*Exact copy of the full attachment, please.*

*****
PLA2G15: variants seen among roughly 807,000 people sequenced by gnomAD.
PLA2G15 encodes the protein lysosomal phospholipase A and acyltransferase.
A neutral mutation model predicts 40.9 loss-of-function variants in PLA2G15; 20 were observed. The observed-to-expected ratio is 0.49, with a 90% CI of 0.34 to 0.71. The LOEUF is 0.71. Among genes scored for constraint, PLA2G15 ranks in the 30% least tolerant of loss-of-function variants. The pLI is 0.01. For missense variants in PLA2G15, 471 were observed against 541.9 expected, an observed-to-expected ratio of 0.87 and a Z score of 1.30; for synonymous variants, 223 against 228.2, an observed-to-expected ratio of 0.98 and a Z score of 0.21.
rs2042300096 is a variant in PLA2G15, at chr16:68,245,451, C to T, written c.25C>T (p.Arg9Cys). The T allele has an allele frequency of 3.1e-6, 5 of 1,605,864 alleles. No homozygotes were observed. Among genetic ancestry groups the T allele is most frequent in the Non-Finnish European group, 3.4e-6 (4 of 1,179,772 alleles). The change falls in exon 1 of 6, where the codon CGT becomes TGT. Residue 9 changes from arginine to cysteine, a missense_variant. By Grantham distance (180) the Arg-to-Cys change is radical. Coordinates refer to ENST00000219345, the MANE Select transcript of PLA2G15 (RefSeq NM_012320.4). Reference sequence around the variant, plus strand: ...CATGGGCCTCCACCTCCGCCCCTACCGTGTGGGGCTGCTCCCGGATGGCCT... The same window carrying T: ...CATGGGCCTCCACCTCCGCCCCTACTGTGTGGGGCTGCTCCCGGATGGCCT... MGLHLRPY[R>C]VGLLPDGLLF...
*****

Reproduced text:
PLA2G15: variants seen among roughly 807,000 people sequenced by gnomAD.
PLA2G15 encodes the protein lysosomal phospholipase A and acyltransferase.
A neutral mutation model predicts 40.9 loss-of-function variants in PLA2G15; 20 were observed. The observed-to-expected ratio is 0.49, with a 90% CI of 0.34 to 0.71. The LOEUF is 0.71. Among genes scored for constraint, PLA2G15 ranks in the 30% least tolerant of loss-of-function variants. The pLI is 0.01. For missense variants in PLA2G15, 471 were observed against 541.9 expected, an observed-to-expected ratio of 0.87 and a Z score of 1.30; for synonymous variants, 223 against 228.2, an observed-to-expected ratio of 0.98 and a Z score of 0.21.
rs2042300096 is a variant in PLA2G15, at chr16:68,245,451, C to T, written c.25C>T (p.Arg9Cys). The T allele has an allele frequency of 3.1e-6, 5 of 1,605,864 alleles. No homozygotes were observed. Among genetic ancestry groups the T allele is most frequent in the Non-Finnish European group, 3.4e-6 (4 of 1,179,772 alleles). The change falls in exon 1 of 6, where the codon CGT becomes TGT. Residue 9 changes from arginine to cysteine, a missense_variant. By Grantham distance (180) the Arg-to-Cys change is radical. Coordinates refer to ENST00000219345, the MANE Select transcript of PLA2G15 (RefSeq NM_012320.4). Reference sequence around the variant, plus strand: ...CATGGGCCTCCACCTCCGCCCCTACCGTGTGGGGCTGCTCCCGGATGGCCT... The same window carrying T: ...CATGGGCCTCCACCTCCGCCCCTACTGTGTGGGGCTGCTCCCGGATGGCCT... MGLHLRPY[R>C]VGLLPDGLLF...